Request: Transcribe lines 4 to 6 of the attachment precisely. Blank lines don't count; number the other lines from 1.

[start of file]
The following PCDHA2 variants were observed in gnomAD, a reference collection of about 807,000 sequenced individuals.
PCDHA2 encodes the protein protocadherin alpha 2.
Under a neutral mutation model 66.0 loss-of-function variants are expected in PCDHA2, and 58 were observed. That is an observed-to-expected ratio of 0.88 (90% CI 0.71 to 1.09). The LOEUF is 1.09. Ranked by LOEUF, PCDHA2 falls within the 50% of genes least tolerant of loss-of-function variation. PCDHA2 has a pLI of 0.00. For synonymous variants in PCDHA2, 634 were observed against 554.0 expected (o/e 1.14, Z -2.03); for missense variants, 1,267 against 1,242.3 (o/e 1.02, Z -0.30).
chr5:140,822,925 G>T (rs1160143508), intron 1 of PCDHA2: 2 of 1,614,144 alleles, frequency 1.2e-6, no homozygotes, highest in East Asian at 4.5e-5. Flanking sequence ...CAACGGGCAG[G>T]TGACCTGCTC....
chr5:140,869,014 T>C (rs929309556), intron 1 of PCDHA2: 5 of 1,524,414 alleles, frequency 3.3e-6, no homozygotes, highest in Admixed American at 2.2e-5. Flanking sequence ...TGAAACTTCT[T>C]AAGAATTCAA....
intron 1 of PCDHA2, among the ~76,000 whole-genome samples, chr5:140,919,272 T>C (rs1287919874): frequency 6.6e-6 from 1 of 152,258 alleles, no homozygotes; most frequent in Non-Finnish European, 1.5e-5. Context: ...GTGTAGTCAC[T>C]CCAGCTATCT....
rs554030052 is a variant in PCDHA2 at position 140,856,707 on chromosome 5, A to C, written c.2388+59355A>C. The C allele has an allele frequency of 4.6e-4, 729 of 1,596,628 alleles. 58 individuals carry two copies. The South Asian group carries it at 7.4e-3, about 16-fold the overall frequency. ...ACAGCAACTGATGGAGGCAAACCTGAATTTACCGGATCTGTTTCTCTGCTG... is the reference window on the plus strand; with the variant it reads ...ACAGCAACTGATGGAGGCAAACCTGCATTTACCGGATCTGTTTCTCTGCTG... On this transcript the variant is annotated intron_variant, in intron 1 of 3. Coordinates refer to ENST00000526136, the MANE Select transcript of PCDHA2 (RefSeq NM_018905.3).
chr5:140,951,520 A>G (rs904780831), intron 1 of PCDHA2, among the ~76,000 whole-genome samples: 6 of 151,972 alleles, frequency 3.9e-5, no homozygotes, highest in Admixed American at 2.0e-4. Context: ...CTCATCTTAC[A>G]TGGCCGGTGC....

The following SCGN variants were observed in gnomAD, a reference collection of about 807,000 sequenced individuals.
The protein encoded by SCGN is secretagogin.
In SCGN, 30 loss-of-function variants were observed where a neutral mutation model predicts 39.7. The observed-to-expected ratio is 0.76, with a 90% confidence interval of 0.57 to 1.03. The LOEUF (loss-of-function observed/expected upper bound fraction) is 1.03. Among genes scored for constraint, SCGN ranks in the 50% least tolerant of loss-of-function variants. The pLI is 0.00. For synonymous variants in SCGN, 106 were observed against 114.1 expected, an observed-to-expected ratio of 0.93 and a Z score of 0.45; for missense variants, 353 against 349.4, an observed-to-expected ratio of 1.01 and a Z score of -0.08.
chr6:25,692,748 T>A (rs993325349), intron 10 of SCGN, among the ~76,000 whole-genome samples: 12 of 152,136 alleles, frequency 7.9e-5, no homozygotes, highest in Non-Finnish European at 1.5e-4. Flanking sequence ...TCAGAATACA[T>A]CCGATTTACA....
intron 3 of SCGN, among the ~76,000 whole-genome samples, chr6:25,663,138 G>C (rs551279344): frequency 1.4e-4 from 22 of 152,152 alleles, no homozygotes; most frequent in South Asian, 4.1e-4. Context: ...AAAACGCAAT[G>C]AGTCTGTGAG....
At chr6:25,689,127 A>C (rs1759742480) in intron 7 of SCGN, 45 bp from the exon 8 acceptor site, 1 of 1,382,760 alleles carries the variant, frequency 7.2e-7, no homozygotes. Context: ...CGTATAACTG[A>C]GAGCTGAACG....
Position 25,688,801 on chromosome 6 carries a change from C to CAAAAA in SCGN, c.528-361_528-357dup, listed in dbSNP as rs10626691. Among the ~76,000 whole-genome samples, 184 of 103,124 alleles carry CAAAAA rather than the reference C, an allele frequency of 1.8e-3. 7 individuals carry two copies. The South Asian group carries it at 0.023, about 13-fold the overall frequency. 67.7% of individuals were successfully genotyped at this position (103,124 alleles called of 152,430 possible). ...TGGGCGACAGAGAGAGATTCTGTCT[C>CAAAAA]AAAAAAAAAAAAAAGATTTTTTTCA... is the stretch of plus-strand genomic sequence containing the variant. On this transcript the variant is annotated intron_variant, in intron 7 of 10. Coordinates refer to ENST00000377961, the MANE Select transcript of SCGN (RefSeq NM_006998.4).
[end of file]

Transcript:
chr5:140,822,925 G>T (rs1160143508), intron 1 of PCDHA2: 2 of 1,614,144 alleles, frequency 1.2e-6, no homozygotes, highest in East Asian at 4.5e-5. Flanking sequence ...CAACGGGCAG[G>T]TGACCTGCTC....
chr5:140,869,014 T>C (rs929309556), intron 1 of PCDHA2: 5 of 1,524,414 alleles, frequency 3.3e-6, no homozygotes, highest in Admixed American at 2.2e-5. Flanking sequence ...TGAAACTTCT[T>C]AAGAATTCAA....
intron 1 of PCDHA2, among the ~76,000 whole-genome samples, chr5:140,919,272 T>C (rs1287919874): frequency 6.6e-6 from 1 of 152,258 alleles, no homozygotes; most frequent in Non-Finnish European, 1.5e-5. Context: ...GTGTAGTCAC[T>C]CCAGCTATCT....